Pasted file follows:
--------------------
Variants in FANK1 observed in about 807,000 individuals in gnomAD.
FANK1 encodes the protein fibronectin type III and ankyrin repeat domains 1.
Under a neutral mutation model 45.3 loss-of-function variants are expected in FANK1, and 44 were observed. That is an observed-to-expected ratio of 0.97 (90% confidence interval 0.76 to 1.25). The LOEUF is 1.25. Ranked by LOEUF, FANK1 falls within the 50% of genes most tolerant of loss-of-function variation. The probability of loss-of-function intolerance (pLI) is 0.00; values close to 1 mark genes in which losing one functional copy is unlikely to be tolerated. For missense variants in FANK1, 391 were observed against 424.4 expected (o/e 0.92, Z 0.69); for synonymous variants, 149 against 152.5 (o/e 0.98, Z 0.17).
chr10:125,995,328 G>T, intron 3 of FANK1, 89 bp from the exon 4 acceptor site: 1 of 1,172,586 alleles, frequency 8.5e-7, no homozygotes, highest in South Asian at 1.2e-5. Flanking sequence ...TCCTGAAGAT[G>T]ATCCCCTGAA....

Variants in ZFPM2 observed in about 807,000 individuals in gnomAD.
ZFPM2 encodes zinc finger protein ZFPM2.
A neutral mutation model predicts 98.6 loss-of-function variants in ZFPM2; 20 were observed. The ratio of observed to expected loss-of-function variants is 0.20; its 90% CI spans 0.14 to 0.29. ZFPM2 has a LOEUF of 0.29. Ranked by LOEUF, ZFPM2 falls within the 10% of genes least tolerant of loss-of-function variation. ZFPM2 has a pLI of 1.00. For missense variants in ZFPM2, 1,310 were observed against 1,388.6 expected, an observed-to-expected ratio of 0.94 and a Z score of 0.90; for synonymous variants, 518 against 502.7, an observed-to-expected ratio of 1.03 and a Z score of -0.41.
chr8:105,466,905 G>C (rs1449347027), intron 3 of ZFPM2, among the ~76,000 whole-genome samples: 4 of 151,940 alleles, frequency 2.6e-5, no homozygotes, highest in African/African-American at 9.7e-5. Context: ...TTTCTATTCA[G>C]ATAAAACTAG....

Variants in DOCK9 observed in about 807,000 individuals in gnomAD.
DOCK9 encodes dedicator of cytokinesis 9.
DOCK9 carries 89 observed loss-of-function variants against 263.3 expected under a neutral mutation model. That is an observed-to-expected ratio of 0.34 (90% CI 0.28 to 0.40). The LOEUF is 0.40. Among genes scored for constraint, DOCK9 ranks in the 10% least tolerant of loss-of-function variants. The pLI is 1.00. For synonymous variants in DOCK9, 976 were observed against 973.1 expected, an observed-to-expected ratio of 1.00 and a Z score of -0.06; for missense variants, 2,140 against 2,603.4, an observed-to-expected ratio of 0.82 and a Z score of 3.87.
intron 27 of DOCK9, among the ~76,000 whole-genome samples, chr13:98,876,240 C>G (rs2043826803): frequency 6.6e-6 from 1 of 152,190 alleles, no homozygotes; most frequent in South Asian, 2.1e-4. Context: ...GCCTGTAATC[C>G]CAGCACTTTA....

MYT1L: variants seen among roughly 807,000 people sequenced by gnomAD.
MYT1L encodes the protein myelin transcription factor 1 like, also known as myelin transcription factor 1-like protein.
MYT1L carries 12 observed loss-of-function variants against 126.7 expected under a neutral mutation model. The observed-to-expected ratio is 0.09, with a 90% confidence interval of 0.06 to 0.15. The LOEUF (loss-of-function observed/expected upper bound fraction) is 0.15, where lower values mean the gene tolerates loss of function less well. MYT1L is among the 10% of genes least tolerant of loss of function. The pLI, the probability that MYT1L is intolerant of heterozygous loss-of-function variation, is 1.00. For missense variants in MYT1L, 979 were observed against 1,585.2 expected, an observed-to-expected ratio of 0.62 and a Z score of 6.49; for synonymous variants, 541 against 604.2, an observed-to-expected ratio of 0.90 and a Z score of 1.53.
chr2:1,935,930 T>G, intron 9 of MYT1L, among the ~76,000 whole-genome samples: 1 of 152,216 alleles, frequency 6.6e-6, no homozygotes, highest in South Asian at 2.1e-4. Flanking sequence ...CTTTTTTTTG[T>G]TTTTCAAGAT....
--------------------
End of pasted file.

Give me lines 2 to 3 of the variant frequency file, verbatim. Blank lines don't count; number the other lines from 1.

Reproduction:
FANK1 encodes the protein fibronectin type III and ankyrin repeat domains 1.
Under a neutral mutation model 45.3 loss-of-function variants are expected in FANK1, and 44 were observed. That is an observed-to-expected ratio of 0.97 (90% confidence interval 0.76 to 1.25). The LOEUF is 1.25. Ranked by LOEUF, FANK1 falls within the 50% of genes most tolerant of loss-of-function variation. The probability of loss-of-function intolerance (pLI) is 0.00; values close to 1 mark genes in which losing one functional copy is unlikely to be tolerated. For missense variants in FANK1, 391 were observed against 424.4 expected (o/e 0.92, Z 0.69); for synonymous variants, 149 against 152.5 (o/e 0.98, Z 0.17).